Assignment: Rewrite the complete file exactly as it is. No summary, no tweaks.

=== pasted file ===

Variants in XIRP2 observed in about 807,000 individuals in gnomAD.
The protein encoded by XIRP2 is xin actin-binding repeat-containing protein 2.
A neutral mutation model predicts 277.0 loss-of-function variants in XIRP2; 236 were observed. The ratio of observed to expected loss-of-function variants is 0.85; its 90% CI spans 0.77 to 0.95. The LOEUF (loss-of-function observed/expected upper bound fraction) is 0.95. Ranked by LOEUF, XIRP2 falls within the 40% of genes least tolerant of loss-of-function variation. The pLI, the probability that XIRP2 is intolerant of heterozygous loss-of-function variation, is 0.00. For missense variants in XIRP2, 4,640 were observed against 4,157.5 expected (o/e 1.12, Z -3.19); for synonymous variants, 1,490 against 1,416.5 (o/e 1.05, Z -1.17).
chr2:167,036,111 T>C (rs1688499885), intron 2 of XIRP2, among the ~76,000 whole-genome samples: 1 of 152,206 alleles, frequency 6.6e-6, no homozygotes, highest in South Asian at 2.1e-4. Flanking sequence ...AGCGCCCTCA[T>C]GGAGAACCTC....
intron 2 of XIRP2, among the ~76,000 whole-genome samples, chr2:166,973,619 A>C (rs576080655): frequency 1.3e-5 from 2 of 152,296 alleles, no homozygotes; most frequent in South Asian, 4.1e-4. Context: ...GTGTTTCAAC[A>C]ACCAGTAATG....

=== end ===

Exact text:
Variants in XIRP2 observed in about 807,000 individuals in gnomAD.
The protein encoded by XIRP2 is xin actin-binding repeat-containing protein 2.
A neutral mutation model predicts 277.0 loss-of-function variants in XIRP2; 236 were observed. The ratio of observed to expected loss-of-function variants is 0.85; its 90% CI spans 0.77 to 0.95. The LOEUF (loss-of-function observed/expected upper bound fraction) is 0.95. Ranked by LOEUF, XIRP2 falls within the 40% of genes least tolerant of loss-of-function variation. The pLI, the probability that XIRP2 is intolerant of heterozygous loss-of-function variation, is 0.00. For missense variants in XIRP2, 4,640 were observed against 4,157.5 expected (o/e 1.12, Z -3.19); for synonymous variants, 1,490 against 1,416.5 (o/e 1.05, Z -1.17).
chr2:167,036,111 T>C (rs1688499885), intron 2 of XIRP2, among the ~76,000 whole-genome samples: 1 of 152,206 alleles, frequency 6.6e-6, no homozygotes, highest in South Asian at 2.1e-4. Flanking sequence ...AGCGCCCTCA[T>C]GGAGAACCTC....
intron 2 of XIRP2, among the ~76,000 whole-genome samples, chr2:166,973,619 A>C (rs576080655): frequency 1.3e-5 from 2 of 152,296 alleles, no homozygotes; most frequent in South Asian, 4.1e-4. Context: ...GTGTTTCAAC[A>C]ACCAGTAATG....